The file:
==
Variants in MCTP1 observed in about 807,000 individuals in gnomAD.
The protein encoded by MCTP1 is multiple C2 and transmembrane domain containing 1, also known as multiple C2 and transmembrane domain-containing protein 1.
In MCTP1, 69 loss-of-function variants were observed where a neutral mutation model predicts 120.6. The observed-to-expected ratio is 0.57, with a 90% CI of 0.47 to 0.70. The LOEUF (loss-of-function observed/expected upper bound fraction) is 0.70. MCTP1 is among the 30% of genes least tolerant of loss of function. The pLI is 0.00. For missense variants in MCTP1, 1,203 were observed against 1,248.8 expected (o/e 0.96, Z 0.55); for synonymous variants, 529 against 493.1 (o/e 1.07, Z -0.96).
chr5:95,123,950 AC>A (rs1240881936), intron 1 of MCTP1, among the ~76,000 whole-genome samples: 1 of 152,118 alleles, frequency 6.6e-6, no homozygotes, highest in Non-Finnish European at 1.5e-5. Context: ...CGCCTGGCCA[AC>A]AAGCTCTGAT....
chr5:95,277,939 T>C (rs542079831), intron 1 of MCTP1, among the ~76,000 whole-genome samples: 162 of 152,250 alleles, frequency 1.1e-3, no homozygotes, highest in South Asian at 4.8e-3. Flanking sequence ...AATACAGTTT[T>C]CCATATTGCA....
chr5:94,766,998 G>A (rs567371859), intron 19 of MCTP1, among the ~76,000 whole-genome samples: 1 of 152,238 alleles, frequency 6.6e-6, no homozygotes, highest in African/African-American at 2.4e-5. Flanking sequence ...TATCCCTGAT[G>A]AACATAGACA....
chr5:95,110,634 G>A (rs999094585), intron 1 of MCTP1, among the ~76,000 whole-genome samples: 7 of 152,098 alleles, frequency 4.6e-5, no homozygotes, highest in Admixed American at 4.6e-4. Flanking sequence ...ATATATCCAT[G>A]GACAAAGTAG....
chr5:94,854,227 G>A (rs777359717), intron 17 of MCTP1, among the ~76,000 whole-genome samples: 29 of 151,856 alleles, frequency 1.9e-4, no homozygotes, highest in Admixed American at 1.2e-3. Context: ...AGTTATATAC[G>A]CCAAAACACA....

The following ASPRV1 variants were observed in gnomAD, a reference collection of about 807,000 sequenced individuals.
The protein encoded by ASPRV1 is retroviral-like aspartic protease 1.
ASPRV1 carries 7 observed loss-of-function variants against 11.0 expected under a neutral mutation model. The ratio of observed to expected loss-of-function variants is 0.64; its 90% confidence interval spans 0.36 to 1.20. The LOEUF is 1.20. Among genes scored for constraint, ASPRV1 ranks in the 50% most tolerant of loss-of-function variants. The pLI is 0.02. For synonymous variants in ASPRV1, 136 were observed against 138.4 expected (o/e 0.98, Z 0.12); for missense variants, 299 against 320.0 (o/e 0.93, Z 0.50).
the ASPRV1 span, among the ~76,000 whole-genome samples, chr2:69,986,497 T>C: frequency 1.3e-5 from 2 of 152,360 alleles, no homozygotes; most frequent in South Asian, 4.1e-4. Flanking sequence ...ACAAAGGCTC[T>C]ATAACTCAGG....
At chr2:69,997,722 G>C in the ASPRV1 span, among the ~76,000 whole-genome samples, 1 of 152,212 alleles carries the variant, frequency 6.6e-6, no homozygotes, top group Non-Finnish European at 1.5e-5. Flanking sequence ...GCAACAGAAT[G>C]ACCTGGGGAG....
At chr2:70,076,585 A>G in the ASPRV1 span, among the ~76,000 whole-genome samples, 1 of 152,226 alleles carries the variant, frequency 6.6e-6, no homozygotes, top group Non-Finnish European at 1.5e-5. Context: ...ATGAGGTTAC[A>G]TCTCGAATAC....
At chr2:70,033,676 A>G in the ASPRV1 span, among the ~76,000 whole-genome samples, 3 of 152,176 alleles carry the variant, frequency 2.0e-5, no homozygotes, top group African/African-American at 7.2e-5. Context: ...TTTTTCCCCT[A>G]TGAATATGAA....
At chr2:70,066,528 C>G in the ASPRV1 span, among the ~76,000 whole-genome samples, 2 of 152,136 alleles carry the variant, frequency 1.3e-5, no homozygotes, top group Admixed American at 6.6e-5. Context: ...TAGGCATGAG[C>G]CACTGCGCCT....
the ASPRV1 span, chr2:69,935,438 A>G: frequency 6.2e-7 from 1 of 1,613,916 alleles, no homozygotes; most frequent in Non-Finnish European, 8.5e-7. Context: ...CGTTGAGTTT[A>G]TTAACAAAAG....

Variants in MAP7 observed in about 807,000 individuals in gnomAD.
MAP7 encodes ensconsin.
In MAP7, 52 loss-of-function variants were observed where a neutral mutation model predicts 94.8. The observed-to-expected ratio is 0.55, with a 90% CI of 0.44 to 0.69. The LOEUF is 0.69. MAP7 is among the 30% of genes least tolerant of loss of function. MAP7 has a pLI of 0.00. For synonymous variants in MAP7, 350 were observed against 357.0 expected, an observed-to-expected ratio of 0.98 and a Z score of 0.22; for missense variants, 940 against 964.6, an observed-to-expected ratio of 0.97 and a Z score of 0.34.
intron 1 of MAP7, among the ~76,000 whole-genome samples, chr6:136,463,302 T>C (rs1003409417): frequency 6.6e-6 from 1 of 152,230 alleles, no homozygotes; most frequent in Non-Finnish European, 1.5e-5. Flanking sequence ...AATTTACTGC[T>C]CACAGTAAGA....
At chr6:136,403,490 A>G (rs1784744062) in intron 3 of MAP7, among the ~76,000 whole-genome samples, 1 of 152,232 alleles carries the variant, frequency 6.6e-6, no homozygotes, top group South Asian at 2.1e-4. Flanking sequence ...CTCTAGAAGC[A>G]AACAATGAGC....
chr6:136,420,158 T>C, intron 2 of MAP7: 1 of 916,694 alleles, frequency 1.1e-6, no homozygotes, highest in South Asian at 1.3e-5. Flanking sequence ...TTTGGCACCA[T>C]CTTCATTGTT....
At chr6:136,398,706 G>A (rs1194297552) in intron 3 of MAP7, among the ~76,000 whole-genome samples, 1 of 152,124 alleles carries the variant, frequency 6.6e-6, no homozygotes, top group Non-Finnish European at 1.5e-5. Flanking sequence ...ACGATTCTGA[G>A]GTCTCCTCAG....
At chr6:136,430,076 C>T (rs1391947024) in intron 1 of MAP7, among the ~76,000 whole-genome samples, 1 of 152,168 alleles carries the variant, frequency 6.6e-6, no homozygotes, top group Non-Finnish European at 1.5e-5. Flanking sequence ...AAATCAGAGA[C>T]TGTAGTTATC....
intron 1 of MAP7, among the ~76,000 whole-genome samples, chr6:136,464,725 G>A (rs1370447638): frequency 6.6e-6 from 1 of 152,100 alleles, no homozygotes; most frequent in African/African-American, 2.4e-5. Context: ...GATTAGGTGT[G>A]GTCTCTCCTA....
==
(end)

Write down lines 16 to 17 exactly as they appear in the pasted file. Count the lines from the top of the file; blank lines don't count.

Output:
At chr2:70,066,528 C>G in the ASPRV1 span, among the ~76,000 whole-genome samples, 2 of 152,136 alleles carry the variant, frequency 1.3e-5, no homozygotes, top group Admixed American at 6.6e-5. Context: ...TAGGCATGAG[C>G]CACTGCGCCT....
the ASPRV1 span, chr2:69,935,438 A>G: frequency 6.2e-7 from 1 of 1,613,916 alleles, no homozygotes; most frequent in Non-Finnish European, 8.5e-7. Context: ...CGTTGAGTTT[A>G]TTAACAAAAG....